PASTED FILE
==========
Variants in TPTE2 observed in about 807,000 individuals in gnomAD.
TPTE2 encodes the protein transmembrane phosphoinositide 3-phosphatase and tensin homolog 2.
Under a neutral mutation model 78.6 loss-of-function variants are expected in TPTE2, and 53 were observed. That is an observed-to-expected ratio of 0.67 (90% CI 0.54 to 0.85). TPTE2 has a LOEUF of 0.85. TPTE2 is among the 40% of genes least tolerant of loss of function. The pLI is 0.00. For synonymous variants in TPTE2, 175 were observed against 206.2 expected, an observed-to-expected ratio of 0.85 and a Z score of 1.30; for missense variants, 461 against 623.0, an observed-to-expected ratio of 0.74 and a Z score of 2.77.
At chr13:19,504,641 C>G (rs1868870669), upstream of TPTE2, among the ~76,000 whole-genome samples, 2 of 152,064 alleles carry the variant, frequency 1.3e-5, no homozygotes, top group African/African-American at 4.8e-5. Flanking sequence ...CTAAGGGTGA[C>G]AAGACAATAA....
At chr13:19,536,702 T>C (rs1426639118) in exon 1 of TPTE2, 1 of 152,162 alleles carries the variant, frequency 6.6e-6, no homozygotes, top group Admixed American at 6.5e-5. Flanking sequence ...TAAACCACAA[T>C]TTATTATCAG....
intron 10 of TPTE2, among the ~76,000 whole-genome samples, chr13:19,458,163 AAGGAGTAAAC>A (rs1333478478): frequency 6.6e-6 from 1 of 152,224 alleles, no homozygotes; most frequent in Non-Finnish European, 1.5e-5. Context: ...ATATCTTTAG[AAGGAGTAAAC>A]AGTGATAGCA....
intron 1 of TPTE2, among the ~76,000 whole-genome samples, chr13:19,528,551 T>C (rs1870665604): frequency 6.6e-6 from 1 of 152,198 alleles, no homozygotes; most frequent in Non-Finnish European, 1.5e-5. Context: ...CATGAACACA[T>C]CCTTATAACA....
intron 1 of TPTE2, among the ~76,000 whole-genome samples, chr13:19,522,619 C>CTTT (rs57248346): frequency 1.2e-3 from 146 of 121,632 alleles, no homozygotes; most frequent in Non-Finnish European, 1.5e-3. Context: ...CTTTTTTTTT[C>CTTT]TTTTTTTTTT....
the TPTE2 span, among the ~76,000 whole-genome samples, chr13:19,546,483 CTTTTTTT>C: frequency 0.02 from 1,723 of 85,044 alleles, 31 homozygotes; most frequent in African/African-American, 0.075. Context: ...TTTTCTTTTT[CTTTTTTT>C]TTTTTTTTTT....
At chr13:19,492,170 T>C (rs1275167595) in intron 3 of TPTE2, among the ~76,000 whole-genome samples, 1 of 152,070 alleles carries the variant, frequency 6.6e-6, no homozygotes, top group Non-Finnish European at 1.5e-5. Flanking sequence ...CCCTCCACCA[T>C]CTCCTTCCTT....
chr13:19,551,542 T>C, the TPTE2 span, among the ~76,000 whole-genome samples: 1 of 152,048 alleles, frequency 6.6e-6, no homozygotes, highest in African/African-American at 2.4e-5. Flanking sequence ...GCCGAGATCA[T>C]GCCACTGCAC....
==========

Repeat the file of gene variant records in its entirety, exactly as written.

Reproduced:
Variants in TPTE2 observed in about 807,000 individuals in gnomAD.
TPTE2 encodes the protein transmembrane phosphoinositide 3-phosphatase and tensin homolog 2.
Under a neutral mutation model 78.6 loss-of-function variants are expected in TPTE2, and 53 were observed. That is an observed-to-expected ratio of 0.67 (90% CI 0.54 to 0.85). TPTE2 has a LOEUF of 0.85. TPTE2 is among the 40% of genes least tolerant of loss of function. The pLI is 0.00. For synonymous variants in TPTE2, 175 were observed against 206.2 expected, an observed-to-expected ratio of 0.85 and a Z score of 1.30; for missense variants, 461 against 623.0, an observed-to-expected ratio of 0.74 and a Z score of 2.77.
At chr13:19,504,641 C>G (rs1868870669), upstream of TPTE2, among the ~76,000 whole-genome samples, 2 of 152,064 alleles carry the variant, frequency 1.3e-5, no homozygotes, top group African/African-American at 4.8e-5. Flanking sequence ...CTAAGGGTGA[C>G]AAGACAATAA....
At chr13:19,536,702 T>C (rs1426639118) in exon 1 of TPTE2, 1 of 152,162 alleles carries the variant, frequency 6.6e-6, no homozygotes, top group Admixed American at 6.5e-5. Flanking sequence ...TAAACCACAA[T>C]TTATTATCAG....
intron 10 of TPTE2, among the ~76,000 whole-genome samples, chr13:19,458,163 AAGGAGTAAAC>A (rs1333478478): frequency 6.6e-6 from 1 of 152,224 alleles, no homozygotes; most frequent in Non-Finnish European, 1.5e-5. Context: ...ATATCTTTAG[AAGGAGTAAAC>A]AGTGATAGCA....
intron 1 of TPTE2, among the ~76,000 whole-genome samples, chr13:19,528,551 T>C (rs1870665604): frequency 6.6e-6 from 1 of 152,198 alleles, no homozygotes; most frequent in Non-Finnish European, 1.5e-5. Context: ...CATGAACACA[T>C]CCTTATAACA....
intron 1 of TPTE2, among the ~76,000 whole-genome samples, chr13:19,522,619 C>CTTT (rs57248346): frequency 1.2e-3 from 146 of 121,632 alleles, no homozygotes; most frequent in Non-Finnish European, 1.5e-3. Context: ...CTTTTTTTTT[C>CTTT]TTTTTTTTTT....
the TPTE2 span, among the ~76,000 whole-genome samples, chr13:19,546,483 CTTTTTTT>C: frequency 0.02 from 1,723 of 85,044 alleles, 31 homozygotes; most frequent in African/African-American, 0.075. Context: ...TTTTCTTTTT[CTTTTTTT>C]TTTTTTTTTT....
At chr13:19,492,170 T>C (rs1275167595) in intron 3 of TPTE2, among the ~76,000 whole-genome samples, 1 of 152,070 alleles carries the variant, frequency 6.6e-6, no homozygotes, top group Non-Finnish European at 1.5e-5. Flanking sequence ...CCCTCCACCA[T>C]CTCCTTCCTT....
chr13:19,551,542 T>C, the TPTE2 span, among the ~76,000 whole-genome samples: 1 of 152,048 alleles, frequency 6.6e-6, no homozygotes, highest in African/African-American at 2.4e-5. Flanking sequence ...GCCGAGATCA[T>C]GCCACTGCAC....